Whistling Down the Wind

Two isolated villages share an Ancient way of communicating across mountainous ravines. Andriëtte Stathi-Schoorel captures the last echoes in Greece and Turkey

It was at the Megaron Mousikis festival in Athens in 1995 that I first witnessed the remarkable phenomenon of whistled speech. Four villagers from Antia, on the island of Euboia, stood at one end of the big hall and whistled messages to another group in the opposite gallery, while a fellow villager translated for the audience.
“Are you going fishing today?” one villager whistled across the hall.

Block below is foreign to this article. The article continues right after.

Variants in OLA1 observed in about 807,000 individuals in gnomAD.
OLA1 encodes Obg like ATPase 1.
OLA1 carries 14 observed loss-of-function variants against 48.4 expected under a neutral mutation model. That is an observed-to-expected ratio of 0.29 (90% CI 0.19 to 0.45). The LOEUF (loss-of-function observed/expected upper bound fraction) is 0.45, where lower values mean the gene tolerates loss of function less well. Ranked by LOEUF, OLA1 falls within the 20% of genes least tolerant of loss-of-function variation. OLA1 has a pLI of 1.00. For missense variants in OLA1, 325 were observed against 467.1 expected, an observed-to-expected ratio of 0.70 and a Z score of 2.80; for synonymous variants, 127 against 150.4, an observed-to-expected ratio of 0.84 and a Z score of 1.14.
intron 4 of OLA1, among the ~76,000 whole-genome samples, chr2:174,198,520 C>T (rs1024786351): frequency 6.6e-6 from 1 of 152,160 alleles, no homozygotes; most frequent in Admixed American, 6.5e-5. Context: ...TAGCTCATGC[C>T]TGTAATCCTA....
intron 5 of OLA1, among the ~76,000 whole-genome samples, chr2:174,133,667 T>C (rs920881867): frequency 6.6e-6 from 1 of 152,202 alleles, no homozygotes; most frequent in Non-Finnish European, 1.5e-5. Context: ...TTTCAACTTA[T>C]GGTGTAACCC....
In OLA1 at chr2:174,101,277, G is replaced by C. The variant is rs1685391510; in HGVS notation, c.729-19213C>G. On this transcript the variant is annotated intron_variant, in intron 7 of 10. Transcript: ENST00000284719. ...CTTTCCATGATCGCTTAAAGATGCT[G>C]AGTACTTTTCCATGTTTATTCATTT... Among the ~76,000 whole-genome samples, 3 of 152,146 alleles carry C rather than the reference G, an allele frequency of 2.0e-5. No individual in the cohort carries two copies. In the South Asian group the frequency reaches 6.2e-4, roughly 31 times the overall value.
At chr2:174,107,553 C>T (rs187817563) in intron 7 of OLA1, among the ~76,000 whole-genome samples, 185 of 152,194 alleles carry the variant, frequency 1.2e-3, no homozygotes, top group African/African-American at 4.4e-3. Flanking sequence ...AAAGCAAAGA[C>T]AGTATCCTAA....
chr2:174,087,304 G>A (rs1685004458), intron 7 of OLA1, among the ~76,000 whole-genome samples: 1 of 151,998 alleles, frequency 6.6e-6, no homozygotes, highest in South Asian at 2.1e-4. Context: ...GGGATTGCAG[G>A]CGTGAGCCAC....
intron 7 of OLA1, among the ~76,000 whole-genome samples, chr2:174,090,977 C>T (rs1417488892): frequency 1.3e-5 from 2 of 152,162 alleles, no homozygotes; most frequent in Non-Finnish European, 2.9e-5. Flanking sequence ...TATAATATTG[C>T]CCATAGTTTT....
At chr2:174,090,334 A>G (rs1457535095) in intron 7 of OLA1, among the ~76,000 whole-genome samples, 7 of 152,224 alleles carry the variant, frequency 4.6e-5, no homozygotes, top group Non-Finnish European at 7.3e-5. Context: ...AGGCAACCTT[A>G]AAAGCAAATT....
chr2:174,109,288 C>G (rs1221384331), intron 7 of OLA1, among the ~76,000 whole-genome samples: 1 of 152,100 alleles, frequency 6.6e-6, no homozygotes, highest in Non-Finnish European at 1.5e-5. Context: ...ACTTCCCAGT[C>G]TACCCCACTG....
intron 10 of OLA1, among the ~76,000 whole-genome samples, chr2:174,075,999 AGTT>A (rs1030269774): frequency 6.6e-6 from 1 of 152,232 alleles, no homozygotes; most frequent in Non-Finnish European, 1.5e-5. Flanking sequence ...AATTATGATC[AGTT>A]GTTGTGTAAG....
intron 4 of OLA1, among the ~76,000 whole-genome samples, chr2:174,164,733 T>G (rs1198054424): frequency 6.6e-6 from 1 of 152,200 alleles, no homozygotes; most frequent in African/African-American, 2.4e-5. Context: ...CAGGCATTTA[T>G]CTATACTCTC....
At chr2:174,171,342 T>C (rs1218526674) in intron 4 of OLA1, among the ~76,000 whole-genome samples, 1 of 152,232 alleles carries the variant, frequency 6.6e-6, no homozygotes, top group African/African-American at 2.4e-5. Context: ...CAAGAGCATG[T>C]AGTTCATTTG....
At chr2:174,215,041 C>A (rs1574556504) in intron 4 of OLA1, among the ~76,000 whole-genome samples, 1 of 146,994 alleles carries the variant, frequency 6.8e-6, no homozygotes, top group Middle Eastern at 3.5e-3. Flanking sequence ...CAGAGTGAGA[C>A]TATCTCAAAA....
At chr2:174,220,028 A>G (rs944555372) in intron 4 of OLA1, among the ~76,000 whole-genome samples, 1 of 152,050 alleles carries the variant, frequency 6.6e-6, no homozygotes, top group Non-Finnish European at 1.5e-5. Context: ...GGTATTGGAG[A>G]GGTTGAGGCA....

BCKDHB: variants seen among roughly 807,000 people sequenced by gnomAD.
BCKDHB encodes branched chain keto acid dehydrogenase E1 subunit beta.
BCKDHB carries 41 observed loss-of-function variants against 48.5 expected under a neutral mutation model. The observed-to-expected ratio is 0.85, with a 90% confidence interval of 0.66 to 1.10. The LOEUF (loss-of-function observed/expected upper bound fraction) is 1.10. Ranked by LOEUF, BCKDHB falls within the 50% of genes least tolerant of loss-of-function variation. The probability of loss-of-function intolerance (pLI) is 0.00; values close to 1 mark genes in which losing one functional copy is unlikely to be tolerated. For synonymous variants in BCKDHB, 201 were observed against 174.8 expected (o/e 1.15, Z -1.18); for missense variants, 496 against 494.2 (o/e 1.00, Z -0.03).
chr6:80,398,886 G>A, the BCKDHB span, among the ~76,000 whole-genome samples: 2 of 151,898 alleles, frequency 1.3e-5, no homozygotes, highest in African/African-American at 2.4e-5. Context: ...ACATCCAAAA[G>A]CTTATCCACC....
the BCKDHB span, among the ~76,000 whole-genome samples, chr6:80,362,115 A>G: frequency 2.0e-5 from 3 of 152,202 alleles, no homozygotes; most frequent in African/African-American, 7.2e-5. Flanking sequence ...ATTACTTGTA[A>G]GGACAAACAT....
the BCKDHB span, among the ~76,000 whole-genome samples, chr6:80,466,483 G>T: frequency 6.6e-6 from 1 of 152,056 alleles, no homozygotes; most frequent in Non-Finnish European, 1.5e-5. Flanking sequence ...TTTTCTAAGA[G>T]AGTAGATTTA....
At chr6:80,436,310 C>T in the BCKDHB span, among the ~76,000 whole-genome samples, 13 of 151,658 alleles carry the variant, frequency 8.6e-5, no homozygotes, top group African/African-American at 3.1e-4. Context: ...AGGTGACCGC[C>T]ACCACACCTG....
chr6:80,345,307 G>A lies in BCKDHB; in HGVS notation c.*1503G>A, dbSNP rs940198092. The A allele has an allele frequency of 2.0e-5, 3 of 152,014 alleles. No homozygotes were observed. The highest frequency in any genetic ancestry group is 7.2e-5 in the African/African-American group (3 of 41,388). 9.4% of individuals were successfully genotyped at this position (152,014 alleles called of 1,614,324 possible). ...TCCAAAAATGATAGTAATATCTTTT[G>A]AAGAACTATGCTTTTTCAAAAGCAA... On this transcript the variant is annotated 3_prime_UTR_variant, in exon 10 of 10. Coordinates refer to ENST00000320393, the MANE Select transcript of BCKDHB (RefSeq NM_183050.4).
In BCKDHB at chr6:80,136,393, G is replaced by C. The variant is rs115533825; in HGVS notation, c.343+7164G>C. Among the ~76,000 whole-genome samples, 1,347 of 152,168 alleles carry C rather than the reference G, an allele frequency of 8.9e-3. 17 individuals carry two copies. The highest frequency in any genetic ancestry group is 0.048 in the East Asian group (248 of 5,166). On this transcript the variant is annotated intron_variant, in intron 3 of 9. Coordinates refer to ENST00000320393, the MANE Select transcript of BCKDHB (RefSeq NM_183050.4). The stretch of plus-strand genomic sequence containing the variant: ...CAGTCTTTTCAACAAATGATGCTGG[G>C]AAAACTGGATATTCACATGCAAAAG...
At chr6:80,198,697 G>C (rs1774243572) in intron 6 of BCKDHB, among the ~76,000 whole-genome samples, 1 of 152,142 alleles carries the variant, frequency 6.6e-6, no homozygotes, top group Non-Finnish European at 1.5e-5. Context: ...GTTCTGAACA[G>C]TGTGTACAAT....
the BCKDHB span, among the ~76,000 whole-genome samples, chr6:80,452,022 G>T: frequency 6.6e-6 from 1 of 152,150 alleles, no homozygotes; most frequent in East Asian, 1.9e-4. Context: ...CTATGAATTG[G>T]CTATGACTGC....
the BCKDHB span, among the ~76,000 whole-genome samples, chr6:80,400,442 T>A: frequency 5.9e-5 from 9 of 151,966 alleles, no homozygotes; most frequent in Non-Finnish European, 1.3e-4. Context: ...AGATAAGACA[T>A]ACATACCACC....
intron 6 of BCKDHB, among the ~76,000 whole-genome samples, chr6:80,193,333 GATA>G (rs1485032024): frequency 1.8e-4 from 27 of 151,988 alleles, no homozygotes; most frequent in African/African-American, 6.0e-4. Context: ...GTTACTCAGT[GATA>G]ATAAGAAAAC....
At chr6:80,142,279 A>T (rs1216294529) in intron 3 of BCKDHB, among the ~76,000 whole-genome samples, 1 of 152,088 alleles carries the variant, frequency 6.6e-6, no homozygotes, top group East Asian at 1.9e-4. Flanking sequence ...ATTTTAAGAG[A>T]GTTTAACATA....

“How many goats are you going to transport to Karystos?”
“I’m coming right now, just wait a second…”

… There are four other places where whistled speech is part of a way of life: in the Canary Island of Gomera, in the Pyrenees, in Mexico, and in Kuşköy on Turkey’s Black Sea coast, all of whose isolated, mountainous locations are strikingly similar.

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Issue 18, 1999 The Ottoman Riviera
£8.00 / $11.25 / 44.40 TL
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